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Blog  BY By Staff  |  21 December 2020

A Guide to Cooking with Australian Native Ingredients

Australia is well known around the world for its unique flora and fauna, however our use of native Australian produce, especially in local cooking remains relatively low across the country. To help get you started we have put together a guide for cooking with some of Australia’s amazing ingredients that are versatile, and packed full of nutrition. By integrating these tasty ingredients into our daily diets it also offers an opportunity to support local producers who can grow these amazing ingredients, which have adapted over hundreds of years to face our harsh climates we face around the country.

Finger Lime

Containing small pearls with a tangy citrus burst, finger limes are often described as Australia’s ‘caviar’. The delicate pearls are great for sprinkling on top of meals and dishes when you need a burst of citrus flavour. Try sprinkling onto of your next seafood dish or stir into a summer inspired drink for a zesty punch. They are a source of folate, potassium, vitamin E and C.


An extremely versatile ingredient, Quandong can be dried, stewed or eaten raw as just some of its culinary uses. It has a slightly tart and salty flavour aftertaste, with it being described as similar to peach, apricot or rhubarb. Indigenous Australians used the whole fruit, including the nut inside for medicinal purposes, including for helping toothaches. Whether it be cooked, poached or preserved Quandong is an excellent choice for baking, think of substituting it for rhubarb in your next crumble or pie, it is also great when made as a jam or sauce.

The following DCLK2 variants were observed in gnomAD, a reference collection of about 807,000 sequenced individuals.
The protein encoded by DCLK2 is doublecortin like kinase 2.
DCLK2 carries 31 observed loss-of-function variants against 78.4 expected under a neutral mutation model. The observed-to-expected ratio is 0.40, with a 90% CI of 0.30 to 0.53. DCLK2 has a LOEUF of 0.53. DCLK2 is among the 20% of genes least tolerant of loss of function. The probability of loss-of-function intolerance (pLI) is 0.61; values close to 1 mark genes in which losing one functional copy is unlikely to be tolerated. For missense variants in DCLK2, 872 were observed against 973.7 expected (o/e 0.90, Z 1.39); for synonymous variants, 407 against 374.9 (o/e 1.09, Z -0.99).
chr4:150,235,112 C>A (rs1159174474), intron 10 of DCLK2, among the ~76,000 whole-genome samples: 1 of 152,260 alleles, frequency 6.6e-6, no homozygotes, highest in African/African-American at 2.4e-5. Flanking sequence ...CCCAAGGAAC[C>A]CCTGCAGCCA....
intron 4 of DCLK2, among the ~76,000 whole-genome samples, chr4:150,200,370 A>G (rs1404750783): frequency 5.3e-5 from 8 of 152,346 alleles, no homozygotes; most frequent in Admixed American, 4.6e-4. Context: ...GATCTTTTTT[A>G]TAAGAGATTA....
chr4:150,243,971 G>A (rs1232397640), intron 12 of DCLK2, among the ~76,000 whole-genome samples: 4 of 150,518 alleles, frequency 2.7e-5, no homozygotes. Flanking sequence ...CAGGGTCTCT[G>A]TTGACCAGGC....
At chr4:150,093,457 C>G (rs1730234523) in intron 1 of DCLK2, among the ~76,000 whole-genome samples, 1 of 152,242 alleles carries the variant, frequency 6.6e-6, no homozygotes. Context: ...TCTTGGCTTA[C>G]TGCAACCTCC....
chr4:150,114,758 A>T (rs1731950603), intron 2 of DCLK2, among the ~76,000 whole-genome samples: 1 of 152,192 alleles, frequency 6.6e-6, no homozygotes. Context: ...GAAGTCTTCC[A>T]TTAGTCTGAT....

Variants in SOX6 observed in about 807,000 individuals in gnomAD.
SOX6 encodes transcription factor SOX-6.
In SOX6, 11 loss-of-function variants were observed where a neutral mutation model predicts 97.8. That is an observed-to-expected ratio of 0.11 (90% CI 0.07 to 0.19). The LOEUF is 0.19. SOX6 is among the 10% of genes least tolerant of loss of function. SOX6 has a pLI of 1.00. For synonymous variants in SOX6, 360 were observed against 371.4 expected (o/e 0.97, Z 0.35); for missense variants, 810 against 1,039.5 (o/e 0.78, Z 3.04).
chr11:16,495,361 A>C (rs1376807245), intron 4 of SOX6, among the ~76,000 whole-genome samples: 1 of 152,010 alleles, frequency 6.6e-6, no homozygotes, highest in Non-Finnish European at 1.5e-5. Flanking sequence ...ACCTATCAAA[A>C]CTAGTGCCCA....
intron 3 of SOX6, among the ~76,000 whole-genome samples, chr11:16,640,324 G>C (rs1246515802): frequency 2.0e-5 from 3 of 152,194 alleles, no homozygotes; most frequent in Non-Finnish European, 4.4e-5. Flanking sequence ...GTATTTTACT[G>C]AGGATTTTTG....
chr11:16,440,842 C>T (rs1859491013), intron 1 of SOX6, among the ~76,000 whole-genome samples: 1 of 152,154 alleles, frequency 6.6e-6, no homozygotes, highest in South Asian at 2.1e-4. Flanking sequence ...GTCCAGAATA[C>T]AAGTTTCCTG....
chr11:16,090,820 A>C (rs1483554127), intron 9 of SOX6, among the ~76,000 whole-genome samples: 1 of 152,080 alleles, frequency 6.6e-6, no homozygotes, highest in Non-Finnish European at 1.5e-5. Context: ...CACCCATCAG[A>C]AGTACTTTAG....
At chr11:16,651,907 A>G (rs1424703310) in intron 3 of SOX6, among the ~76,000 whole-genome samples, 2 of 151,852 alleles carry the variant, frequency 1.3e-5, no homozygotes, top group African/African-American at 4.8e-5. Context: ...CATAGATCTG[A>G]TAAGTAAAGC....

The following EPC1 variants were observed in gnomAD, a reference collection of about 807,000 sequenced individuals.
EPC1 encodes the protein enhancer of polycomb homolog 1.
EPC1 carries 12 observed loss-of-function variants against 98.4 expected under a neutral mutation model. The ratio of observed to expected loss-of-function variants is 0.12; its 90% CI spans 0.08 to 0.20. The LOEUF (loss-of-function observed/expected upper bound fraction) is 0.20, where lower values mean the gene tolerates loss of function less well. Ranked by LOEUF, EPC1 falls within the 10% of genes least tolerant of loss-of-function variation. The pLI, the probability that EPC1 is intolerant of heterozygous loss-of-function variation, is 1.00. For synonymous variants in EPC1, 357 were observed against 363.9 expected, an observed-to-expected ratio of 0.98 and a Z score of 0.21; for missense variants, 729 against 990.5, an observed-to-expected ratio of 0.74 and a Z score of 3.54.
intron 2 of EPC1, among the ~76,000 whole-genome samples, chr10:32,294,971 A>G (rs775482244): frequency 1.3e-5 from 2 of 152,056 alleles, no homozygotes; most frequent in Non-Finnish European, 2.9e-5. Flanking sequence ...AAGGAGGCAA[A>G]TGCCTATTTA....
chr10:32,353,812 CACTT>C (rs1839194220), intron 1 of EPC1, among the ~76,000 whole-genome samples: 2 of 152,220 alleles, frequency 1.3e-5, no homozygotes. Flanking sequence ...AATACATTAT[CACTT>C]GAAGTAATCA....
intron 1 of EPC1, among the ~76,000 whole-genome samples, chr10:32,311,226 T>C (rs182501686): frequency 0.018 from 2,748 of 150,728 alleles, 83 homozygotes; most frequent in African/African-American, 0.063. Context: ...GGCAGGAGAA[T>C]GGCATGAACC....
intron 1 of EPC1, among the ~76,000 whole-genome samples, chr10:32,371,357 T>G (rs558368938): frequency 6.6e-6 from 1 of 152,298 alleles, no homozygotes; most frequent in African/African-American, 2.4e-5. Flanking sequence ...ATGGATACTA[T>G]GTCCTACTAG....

Lemon Myrtle

Probably one of the most well-known native ingredients from Australia, Lemon Myrtle is now being used around the world due to its unique creamy sweet and citrus taste and smell. It also contains the highest citral purity of any known plant, cementing its versality for cooking, personal care products and medicinal uses. Lemon Myrtle can be used in sweet and savoury dishes, it has an intense flavour so use it sparingly (like bay leaves). It is a great addition to meat dishes such as chicken, lamb, kangaroo and beef. For sweet dishes it pairs well with lime, coconut, macadamias for a fresh lemon flavour, our favourite is adding it to shortbread.


Usually available in powdered form, Watteseeds have a flavour that is rich and being a blend of coffee, chocolate and nuts, it is quite an indulgent taste. If you want to start using it in your daily cooking try adding a spoonful to your morning coffee or adding it to biscuits. Next try adding it to sauces, scones and scrambled eggs. With such an amazing taste it would be easy to think that it was a special treat only, however wattleseeds are a source of potassium, magnesium and iron.


Naturally found all over Australia and grows all year round, Saltbrush has 20 percent less sodium than table salt. The salty flavour has an earthy taste, and sometimes is described as having some subtle green tea notes. Similar to regular salt it can be used for seasoning savoury dishes and also some sweet ones to. Great recipes to try and start using Saltbrush with are egg-based dishes, roasted vegetables and savoury baking recipes such as bread, crackers and damper.

Bush Tomato

Also known as Kutjera or akudjura, there are many varieties however only 6 of these are edible. Bush tomatoes have a sweet meets savoury combination, as it has slight caramel taste or likened to sweet sun-dried tomatoes, with strong spicy aftertaste. It is a great addition to curries, salsa’s and soups and is also a source of antioxidants and minerals, like selenium.

Bunya Nut

Bunya pine trees grow large pinecones, which contain bunya nuts. These pinecones can contain up to 100 nuts each and weigh a massive 10 kilograms, what makes them even more unique is that the trees only start bearing produce once the tree is around 100 years old and bunya nut crops are produced once every 2-3 years. They are similar to chestnuts nutritionally and in flavour, being mild and slightly sweet. They are also low GI and gluten free, making them an excellent substitute for flour in a ground or powdered form. Easy ways to enjoy in a grounded paste like form are making pesto, hummus or adding to pancake batter.